BY DAVID PERRYMAN
How and where Oklahomans receive optometric care and services could soon change if SQ 793 passes on Nov. 6, amending the state’s Constitution. This state question deals with whether optometrists and opticians can operate businesses in retail establishments.
On July 23, Gov. Mary Fallin certified SQ 793 to appear on the ballot after an initiative petition was submitted showing 249,451 valid signatures, more than double the required 123,725
Current Oklahoma law prohibits optometrists from opening practices in commercial settings. It also bars retailers from offering prescription eyewear unless it represents a majority of their sales. This issue is not a new one. Lobbyists of large retailers have for years attempted to convince legislators to change the law.
The proponents of the constitutional change who are urging Oklahomans to vote “yes” say that the amendment will give patients more locations to purchase eye care, glasses and contacts, and that 47 other states allow some form of marketing of eye care and prescription lenses that is not currently allowed in Oklahoma.
The “yes” group also claims that thousands of Oklahoma residents currently go out of state to purchase eye care and eyewear and that changing this law will allow them to purchase these goods and services in Oklahoma creating and saving jobs here in Oklahoma.
The opponents of the constitutional change who are urging Oklahomans to vote “no” adamantly claim that SQ 793 is bad for the health of Oklahomans. They say that because optometry is a medical profession and that optometric physicians are health care professionals that perform surgeries, diagnose and manage chronic eye diseases, and are tasked with detecting potentially life threatening diseases, Oklahoma has correctly chosen not to place medical professions like optometry in retail settings like Walmart.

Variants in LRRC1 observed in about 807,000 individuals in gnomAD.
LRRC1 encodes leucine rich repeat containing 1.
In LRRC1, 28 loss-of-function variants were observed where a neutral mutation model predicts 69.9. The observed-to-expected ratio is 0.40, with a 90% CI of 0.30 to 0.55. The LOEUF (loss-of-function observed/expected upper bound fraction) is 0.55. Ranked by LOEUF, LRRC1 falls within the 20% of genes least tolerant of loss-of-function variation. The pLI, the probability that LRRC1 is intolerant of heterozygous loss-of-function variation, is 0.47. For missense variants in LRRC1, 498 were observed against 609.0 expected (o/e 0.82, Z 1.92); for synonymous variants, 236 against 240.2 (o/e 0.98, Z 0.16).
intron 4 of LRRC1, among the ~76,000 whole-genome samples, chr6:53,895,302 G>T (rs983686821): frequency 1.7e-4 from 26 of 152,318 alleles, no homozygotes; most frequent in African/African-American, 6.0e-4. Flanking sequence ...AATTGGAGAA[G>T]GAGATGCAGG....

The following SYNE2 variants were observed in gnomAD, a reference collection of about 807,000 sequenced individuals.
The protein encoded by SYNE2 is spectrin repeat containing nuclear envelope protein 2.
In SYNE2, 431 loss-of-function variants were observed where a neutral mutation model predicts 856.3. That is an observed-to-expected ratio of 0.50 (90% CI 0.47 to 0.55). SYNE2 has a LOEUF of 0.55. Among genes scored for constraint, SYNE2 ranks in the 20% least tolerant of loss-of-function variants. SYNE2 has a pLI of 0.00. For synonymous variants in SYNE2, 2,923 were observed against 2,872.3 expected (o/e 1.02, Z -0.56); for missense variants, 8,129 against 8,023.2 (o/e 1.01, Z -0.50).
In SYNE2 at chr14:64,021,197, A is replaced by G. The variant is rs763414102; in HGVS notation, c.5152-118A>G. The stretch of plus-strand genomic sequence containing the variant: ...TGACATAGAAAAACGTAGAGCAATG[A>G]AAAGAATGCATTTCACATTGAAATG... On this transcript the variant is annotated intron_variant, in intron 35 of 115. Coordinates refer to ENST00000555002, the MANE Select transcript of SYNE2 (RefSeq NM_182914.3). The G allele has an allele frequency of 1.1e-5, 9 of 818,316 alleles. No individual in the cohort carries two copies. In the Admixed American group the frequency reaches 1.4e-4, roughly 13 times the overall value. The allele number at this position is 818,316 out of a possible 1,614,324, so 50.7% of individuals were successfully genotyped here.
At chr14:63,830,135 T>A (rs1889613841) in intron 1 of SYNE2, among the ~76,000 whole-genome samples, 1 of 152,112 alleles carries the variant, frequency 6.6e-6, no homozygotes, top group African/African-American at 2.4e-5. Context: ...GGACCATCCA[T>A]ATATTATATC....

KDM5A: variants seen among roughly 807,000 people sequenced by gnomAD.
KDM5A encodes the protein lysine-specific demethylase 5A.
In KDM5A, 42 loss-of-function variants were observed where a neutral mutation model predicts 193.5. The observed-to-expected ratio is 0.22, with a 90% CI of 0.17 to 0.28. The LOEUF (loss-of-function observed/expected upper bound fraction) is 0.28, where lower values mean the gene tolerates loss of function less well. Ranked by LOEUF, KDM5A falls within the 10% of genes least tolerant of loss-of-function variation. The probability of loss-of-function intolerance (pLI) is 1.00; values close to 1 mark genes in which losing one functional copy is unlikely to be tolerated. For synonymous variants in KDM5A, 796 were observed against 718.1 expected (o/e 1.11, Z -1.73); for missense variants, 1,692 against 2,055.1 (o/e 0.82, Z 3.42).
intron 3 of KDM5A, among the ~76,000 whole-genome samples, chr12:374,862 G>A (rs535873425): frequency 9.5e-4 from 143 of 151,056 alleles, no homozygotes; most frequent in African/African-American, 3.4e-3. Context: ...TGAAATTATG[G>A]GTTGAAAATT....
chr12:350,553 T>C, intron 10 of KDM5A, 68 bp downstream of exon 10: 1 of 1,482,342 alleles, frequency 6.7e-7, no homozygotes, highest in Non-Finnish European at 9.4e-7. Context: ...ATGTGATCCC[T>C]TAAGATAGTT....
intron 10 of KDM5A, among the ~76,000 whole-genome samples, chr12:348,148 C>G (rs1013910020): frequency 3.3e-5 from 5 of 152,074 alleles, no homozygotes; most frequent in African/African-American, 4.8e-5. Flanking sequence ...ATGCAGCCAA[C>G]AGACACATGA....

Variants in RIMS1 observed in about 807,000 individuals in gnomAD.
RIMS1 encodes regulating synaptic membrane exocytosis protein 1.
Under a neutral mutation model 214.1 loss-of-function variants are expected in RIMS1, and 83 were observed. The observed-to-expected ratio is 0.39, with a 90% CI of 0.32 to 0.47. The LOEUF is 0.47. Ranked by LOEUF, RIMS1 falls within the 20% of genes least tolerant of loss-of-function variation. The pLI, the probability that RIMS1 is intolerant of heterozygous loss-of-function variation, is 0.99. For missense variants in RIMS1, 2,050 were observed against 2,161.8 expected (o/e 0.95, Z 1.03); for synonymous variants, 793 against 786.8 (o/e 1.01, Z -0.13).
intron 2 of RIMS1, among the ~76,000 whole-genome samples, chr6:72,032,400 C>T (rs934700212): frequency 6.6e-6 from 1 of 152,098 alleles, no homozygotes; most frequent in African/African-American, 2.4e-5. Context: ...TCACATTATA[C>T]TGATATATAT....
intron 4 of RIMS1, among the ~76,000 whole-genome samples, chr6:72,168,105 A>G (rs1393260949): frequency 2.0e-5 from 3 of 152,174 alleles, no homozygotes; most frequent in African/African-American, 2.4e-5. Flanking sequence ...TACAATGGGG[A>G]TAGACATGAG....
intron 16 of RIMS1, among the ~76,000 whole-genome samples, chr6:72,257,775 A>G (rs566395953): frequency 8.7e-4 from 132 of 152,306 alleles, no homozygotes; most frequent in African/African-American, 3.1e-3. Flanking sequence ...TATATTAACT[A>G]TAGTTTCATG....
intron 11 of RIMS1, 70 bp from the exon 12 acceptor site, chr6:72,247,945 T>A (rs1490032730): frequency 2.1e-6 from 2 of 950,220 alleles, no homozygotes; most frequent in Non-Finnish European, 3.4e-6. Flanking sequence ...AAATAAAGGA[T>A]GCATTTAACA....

The “no” group also claims that big box store marketing places volume above the personal care and attention that Oklahoma optometrists give their patients, and that quality eye care and the diagnosis of disease is too important to turn eye care over to “Walmart’s Business Model.”
One side says that the additional competition will give Oklahomans access to cheaper glasses and the other side says inexpensive glasses are already advertised daily in the state and that it is simply not in the public interest to allow a corporation to own a doctor’s practice because, then, the corporation will tell the doctor how to practice, which contact lenses to prescribe and which frames to market.
As of Aug. 1, Oklahoma Ethics Commission records showed that the three largest donors to the proponent group were Walmart, Costco and Oklahomans for Consumer Freedom who had together made just over $100,000 in cash contributions toward passage of the measure. As of that date, the Ethics Commission showed no committee organized in opposition to the measure.
The main web site of the proponents is yeson793.com and the main web site of the measure’s opponents is no793.com. Visit those sites to learn more about the pros and cons of how this constitutional change might affect you or your family.
– Chickasha’s David Perryman serves District 56 in the Oklahoma Houseand is House Democratic Floor Leader